In the case of indefinite detention, as you correctly stated, no one SHOULD have that power. But the tragic reality is that many already do, both inside and outside our compass of control. Let us argue, fight and advance the causes of that and all other expressions of moral choice, knowing that in that construction the word "choice" must eventually trump the word "moral."

I must remind myself often since the election that Barack Obama, for all his exemplary qualities, is a politician first and foremost. Politics is said to be the art of the possible, and at some level, even though I think his moral judgments are identical with ours, his assessment of what is politically feasible drives him in a different direction.

I think it helps to get a handle on "indefinite detention" if you call it what it really is. Sometimes, it is a matter of "guilty until proven innocent" -- we know you did something illegal/bad, but we can't quite prove it beyond a reasonable doubt in court. But in an awful lot of cases it appears to be a simple matter of "preventative detention" -- we think you might do something illegal/bad if you were not detained. (And how likely that "might" is appears to be pretty flexible.)

I don't care for either one. But making clear just what is being done makes it harder for those advocating "indefinite detention" to justify their preferred course of action.

Barack Obama, for all his exemplary qualities, is a politician first and foremost.

Excuse me, but I am tired of this naive and misleading juxtaposition. Every president, every elected leader, is a politician, and if they are successful, they are politicians 'first and foremost'. 'If men were angels', we wouldn't need politics or politicians, but since we aren't, they aren't. Politics is the medium we have, like it or not. I don't mean to single out hootsbuddy and his/her otherwise thoughtful comment - this sort of thinking is widespread, and it's self defeating. It's like saying any ends do or don't justify any means, or that someone does have 'an ego' (bad) or does not (good). It's not just sloppy wording, it's sloppy, misleading thinking. Someone with no ego is extremely unhealthy, mentally; the whole point of a ends and means question is deciding *which* means justify *which* ends; and show me a politician who treats politics as an afterthought, and I'll show you a very bad, ineffectual politician.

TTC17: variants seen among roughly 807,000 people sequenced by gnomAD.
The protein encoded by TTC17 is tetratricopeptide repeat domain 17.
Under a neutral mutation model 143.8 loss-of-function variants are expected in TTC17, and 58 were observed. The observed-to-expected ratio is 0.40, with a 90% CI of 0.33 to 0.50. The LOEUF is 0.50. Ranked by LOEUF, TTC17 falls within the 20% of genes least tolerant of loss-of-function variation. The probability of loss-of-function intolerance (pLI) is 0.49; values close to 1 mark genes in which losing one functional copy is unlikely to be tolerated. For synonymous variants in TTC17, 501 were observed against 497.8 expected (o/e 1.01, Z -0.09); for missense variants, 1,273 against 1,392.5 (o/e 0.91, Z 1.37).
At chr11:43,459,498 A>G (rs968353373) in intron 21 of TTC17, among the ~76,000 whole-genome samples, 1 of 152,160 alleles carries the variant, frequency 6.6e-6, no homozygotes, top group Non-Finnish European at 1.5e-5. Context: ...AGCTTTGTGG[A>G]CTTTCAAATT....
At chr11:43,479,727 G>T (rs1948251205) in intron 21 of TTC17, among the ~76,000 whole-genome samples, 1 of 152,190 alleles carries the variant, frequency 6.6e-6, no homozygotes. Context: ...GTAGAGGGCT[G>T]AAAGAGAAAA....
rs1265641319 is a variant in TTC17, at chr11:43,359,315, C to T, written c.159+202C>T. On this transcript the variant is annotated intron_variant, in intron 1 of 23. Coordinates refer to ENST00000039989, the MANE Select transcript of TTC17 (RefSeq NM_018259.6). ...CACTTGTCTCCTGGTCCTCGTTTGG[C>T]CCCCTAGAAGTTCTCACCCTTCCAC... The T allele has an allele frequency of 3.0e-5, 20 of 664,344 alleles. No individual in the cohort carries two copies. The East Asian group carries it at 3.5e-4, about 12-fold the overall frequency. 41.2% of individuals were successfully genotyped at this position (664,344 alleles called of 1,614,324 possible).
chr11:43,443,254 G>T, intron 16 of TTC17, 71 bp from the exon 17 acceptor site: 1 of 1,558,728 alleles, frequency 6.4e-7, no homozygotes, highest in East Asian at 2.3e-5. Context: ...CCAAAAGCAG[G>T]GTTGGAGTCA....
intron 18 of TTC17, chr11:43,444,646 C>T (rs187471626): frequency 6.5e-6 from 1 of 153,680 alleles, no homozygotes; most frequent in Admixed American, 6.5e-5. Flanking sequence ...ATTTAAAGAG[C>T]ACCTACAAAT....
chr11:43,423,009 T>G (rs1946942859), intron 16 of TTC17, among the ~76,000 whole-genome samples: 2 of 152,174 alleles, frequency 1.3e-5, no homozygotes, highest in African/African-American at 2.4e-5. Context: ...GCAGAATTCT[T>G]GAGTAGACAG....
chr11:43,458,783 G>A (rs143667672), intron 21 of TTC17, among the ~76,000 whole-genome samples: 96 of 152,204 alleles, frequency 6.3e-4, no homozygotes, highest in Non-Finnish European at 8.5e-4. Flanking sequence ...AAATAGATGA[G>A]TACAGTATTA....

That being said, I's assert that Obama is often too 'cautious' (cowardly), but I wouldn't ascribe that to his being too good a politician, but rather to his not being good enough. It is the inferior, and less effective, politician who is stingy with his political power, and I think Obama is kind of like that; like money, sometimes you have to spend it to make it grow - it often drains away whether you spend it or not.

I think it was Sebastian who, in another thread, made a fine, succinct assessment of Obama: that he advocates some liberal policies and has a conservative temperament. I think that's right as far as it goes, but don't see how the two are discrete from each other. In fact, Obama is a pretty conservative person, which was always my complaint about him. He will get a lot of good things done, but, alas, he is not a 'new' kind of Democrat (or politician), but rather very much the old kind.

And shame on Dafna Linzer, for passing on unchallenged lies like this:

"Civil liberties groups have encouraged the administration, that if a prolonged detention system were to be sought, to do it through executive order," the official said. Such an order could be rescinded and would not block later efforts to write legislation, but civil liberties groups generally oppose long-term detention, arguing that detainees should be prosecuted or released.

That second senence is Linzer signaling skepticism, but far better would have been "...but the official declined to name any civil liberies groups that have encouraged such an executive order."

Politics is said to be the art of the possible . . .

I have always had a big problem with the usages of this phrase. I suppose it can make some sense as a consoling comment after some political result has come out ("look, you must realize...") - but I think I have seen it more often used beforehand or duringhand, as a sorting suggestion for what allegedly important ideas "are" "really" important.

I hate this. Really this isn't merely repeating the maxim; something new is being said: "ideas are the art of the possible." (And then, presumably, after the fact you can compare the accordingly-sorted ideas to the accordingly-judged political output, find an increased level of congruence, and find in this some complacent reassurance that realistic things are in fact being reflected well in our political processes, and that the game as a whole is on the beam, realistically considered... as opposed to in light of all those unrealistic comments and notions.)